Hair loss (alopecia)

Most chemotherapy drugs given to treat pancreatic cancer do not cause hair loss. But if you do lose your hair, it can be upsetting because baldness is a visible reminder that you are being treated for cancer. Keep in mind that your hair will grow back after treatment.     

Try these coping tips.

  • Consider cutting your hair before treatment starts.

  • Think about getting a wig, hat, or scarf before your hair loss starts. That way, you can get a wig that matches your hair and you’ll be ready with head coverings, if you choose to use them.

  • Because your scalp may be more sensitive to temperature and sun, protect it with sunscreen and hats or scarves.

Increased infections

Throughout your treatment, your doctor will take small samples of your blood for testing. One thing he or she is checking for is your level of white blood cells. Many types of chemotherapy can cause low white blood cell counts. This condition is called neutropenia. Without enough white blood cells, your body may not be able to fight infection. If your doctor tells you that your white blood cell count is low, take these actions to stay healthy:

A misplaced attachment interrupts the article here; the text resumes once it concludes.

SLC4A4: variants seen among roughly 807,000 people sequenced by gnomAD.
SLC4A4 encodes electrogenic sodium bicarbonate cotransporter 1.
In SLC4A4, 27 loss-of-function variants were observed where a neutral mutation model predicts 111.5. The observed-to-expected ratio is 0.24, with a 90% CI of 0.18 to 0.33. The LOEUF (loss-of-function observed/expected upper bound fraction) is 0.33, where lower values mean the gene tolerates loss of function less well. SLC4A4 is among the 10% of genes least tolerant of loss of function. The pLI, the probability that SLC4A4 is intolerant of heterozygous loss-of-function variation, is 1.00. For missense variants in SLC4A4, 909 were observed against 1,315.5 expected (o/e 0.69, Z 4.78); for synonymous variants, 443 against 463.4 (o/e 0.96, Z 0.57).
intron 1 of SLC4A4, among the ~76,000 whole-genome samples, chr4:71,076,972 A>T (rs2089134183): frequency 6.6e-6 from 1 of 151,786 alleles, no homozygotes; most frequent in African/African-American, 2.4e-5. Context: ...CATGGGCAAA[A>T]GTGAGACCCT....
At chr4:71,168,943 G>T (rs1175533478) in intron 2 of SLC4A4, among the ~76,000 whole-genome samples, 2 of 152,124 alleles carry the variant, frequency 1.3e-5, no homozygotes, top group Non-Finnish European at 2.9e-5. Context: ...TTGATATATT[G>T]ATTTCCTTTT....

• Avoid crowds or people with colds.

  • Wash your hands often or use hand sanitizer throughout the day to kill germs.

  • Call your doctor right away if you have any of these signs of infection:

  • A fever of 100.5°F or higher when you take your temperature by mouth

  • Severe chills

  • A cough

  • Pain or a burning sensation during urination

  • Any sores or redness

Mouth sores (mucositis)

Some types of chemotherapy may cause mouth sores. These may hurt and make eating an unpleasant experience.

To prevent sores in your mouth, take these actions.

  • Brush your teeth after meals and before bedtime. Check with your doctor about flossing.

  • Keep your mouth and lips clean and moist.

  • Use sugar-free candies or gums to increase moisture in your mouth.

To ease the pain if you get sores in your mouth, take these actions.

  • Avoid alcohol and mouthwashes containing alcohol because they may irritate the sores.

  • Avoid hot, rough, or spicy foods because they may irritate the sores.

  • Avoid tobacco because it may irritate the sores. Smoking can also make you more susceptible to sores.

  • Ask your doctor about topical mouth medications.